Similarly Bob Hawke and Paul Keating reduced ridiculously high tariff barriers, floated the dollar, reformed the tax system, brought in real superannuation for the great majority of Australians who had been missing out and from a personal point of view, saved our rainforests for future generations. This is a legacy which will be looked upon favourably by future generations.
John Howard and Peter Costello can point to the turnaround in budget numbers. From big deficits to big surpluses and the paying off of foreign debt are achievements of note. The introduction of a GST, though wrongly opposed by many people including myself, was both courageous and correct.
They claim credit for (and I would have to concede that some credit is due to them) Australia being in a better position to resist the GFC because of their own fiscal legacy. This further clouds the abilities of Rudd to claim this as his own.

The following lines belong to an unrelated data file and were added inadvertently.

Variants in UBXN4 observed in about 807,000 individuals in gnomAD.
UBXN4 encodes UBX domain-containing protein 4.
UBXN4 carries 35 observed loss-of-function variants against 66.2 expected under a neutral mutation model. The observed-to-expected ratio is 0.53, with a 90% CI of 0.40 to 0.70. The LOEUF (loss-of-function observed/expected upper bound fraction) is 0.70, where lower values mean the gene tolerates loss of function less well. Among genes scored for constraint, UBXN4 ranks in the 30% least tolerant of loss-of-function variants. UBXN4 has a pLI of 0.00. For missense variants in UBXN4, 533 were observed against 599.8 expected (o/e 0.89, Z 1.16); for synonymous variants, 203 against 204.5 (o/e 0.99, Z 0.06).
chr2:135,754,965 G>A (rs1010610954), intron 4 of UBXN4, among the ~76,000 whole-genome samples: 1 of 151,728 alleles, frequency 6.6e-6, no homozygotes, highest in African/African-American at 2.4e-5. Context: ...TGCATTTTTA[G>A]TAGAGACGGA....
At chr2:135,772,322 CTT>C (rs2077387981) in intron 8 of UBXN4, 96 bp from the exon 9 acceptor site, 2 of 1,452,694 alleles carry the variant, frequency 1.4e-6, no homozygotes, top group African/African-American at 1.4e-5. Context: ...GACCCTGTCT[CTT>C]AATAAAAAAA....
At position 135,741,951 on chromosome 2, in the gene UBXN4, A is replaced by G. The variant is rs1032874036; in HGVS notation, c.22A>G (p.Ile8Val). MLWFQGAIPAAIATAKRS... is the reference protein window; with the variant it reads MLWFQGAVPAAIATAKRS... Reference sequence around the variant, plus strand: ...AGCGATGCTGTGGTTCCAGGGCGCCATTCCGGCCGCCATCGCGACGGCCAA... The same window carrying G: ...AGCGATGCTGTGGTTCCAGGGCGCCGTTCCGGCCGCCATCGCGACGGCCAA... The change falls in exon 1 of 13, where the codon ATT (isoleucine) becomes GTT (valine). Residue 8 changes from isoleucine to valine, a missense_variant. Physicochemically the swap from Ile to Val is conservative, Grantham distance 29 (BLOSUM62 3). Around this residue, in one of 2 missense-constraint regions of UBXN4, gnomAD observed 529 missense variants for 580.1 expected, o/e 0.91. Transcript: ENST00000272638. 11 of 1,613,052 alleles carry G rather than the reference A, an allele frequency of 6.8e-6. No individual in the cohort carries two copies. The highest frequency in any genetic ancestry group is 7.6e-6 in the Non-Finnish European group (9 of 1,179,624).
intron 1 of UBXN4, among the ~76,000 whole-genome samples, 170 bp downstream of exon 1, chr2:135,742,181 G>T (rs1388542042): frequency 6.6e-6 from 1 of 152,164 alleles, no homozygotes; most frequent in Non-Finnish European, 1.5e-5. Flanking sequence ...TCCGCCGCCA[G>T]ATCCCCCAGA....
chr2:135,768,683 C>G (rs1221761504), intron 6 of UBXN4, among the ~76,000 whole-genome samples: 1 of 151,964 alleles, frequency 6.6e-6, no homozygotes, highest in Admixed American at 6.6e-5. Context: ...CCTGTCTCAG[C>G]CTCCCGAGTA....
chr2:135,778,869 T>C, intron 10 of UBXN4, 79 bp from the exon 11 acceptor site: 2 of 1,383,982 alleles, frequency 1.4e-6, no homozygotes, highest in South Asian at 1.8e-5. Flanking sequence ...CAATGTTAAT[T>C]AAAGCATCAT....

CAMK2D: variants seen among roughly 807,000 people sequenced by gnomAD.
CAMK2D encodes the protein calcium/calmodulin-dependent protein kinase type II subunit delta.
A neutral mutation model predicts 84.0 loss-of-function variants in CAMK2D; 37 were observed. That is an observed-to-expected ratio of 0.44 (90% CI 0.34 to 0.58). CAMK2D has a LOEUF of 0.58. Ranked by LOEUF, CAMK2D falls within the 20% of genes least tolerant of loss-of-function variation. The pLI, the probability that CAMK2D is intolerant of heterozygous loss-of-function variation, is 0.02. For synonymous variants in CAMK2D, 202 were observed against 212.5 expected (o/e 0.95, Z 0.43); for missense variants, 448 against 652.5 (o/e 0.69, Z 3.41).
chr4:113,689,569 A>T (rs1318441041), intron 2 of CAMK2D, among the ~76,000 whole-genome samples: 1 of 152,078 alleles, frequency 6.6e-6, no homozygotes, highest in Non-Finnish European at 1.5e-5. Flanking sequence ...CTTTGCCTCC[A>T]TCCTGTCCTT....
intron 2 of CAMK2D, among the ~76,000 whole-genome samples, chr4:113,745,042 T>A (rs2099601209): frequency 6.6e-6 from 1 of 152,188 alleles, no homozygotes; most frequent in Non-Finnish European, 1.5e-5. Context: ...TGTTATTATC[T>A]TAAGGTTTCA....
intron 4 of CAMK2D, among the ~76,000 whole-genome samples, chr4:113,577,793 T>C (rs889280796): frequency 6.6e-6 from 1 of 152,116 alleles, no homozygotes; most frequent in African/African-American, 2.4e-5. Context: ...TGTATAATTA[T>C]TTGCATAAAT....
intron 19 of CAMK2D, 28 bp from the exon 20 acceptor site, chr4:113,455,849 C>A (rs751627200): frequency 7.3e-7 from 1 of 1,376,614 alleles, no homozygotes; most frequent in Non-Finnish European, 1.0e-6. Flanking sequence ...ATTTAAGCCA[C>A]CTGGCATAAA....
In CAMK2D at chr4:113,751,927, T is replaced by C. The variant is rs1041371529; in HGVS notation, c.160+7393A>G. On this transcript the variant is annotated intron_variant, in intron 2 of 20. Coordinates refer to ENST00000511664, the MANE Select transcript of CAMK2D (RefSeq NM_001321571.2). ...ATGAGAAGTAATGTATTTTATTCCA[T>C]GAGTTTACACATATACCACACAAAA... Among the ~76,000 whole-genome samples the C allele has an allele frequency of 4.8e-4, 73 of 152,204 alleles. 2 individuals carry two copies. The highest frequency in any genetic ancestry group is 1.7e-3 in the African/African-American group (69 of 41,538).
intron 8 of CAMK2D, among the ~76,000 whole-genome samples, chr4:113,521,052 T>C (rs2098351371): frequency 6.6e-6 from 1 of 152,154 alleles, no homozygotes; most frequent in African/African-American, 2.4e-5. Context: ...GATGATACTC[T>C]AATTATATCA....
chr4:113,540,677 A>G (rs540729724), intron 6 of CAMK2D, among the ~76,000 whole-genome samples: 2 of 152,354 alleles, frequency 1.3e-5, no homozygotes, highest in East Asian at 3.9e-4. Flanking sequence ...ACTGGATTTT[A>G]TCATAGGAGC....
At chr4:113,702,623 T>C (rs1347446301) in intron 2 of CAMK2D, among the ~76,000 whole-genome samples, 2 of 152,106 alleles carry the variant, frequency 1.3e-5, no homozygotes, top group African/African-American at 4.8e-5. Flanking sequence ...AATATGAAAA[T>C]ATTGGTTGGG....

Second, too much of what the Rudd government actually did has been questioned by many and ridiculed by some. The pink batts scheme has to be remembered as one of the worst pieces of public administration I have ever seen. Any Tom, Dick or Harry could and did set themselves up as installers to make money out of the scheme. Many had no training or qualifications yet they were able to send their employees into roofing all over the country. The results were hundreds of electrical fires and four deaths. I am not sure I would want to chalk that up as part of my legacy.
Similarly, the program that saw the building of school halls everywhere, whether they were needed or not, will not escape future scrutiny. It is certain that at least in the state of NSW the program was hopelessly botched and produced very little value for the massive dollar expenditure it involved. I know that the need for speed and the reliance on state government departments will be used as excuses for these failures but that just doesn’t cut it. You can’t spend massive sums of taxpayers’ money without building in the checks and balances.